How one liberal arts college used a new curriculum as a recruiting tool

'Needed to find something unique'

Atlanta's Agnes Scott College dramatically altered its curriculum—and welcomed its largest first-year class on record last fall, Lawrence Biemiller reports for the Chronicle of Higher Education.

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Since its founding more than a century ago Agnes Scott has been a women's college with a focus on liberal-arts education. But the 2008 recession stretched school finances, and enrollment started to decline.

"Unless you come up with something unique, you're not likely to survive" as a liberal arts college, says Elizabeth Jones, a member of Agnes Scott's board of trustees.

'Find something unique'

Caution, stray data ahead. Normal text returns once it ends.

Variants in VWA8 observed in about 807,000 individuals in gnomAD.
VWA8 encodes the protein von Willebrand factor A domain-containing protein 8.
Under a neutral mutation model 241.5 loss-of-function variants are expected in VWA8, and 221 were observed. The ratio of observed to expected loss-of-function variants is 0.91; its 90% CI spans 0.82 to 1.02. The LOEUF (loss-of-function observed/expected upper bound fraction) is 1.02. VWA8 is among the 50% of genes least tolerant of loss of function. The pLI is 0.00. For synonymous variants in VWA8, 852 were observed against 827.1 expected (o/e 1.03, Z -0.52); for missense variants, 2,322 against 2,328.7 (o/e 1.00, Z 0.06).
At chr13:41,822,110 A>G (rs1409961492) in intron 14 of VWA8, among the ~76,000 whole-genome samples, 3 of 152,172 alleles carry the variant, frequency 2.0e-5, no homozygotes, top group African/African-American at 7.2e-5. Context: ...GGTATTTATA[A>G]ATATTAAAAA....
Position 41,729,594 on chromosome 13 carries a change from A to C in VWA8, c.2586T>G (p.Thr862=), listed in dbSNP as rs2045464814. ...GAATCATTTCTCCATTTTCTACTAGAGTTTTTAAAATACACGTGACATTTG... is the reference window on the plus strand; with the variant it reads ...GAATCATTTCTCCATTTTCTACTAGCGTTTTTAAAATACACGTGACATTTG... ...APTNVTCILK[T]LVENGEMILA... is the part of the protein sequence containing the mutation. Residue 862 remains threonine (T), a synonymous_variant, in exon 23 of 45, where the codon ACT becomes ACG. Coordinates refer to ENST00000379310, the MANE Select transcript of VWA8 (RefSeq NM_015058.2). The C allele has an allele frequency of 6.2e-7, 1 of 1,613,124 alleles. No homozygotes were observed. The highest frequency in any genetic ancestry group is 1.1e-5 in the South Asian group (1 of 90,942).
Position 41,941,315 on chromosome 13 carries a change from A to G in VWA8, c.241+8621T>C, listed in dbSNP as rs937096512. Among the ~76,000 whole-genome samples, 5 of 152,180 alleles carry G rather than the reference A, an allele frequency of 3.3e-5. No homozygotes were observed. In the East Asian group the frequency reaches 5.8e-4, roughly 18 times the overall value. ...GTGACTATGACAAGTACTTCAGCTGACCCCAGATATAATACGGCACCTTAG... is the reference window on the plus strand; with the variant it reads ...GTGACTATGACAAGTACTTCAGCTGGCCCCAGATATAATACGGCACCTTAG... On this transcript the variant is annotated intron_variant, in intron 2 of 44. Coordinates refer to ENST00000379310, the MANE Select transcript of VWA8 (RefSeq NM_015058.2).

The college created Summit, a transformation program positioning the college as one for women who want to become leaders in an increasingly global society. The curriculum emphasizes leadership and global awareness—skills that today's high school women are particularly interested in developing.

The program teaches what the college considers five "essential skills for leaders": critical thinking, writing, public speaking, teamwork, and digital literacy. In addition, first-year students spend their spring semester abroad and each student is assigned a four-person advising board.

How women's colleges play a special role in preparing women for leadership

The $20 million bet may be paying off: two-thirds of the current freshman class said the Summit program was important or very important in their decision to attend Agnes Scott (Biemiller, Chronicle of Higher Education, 1/6).

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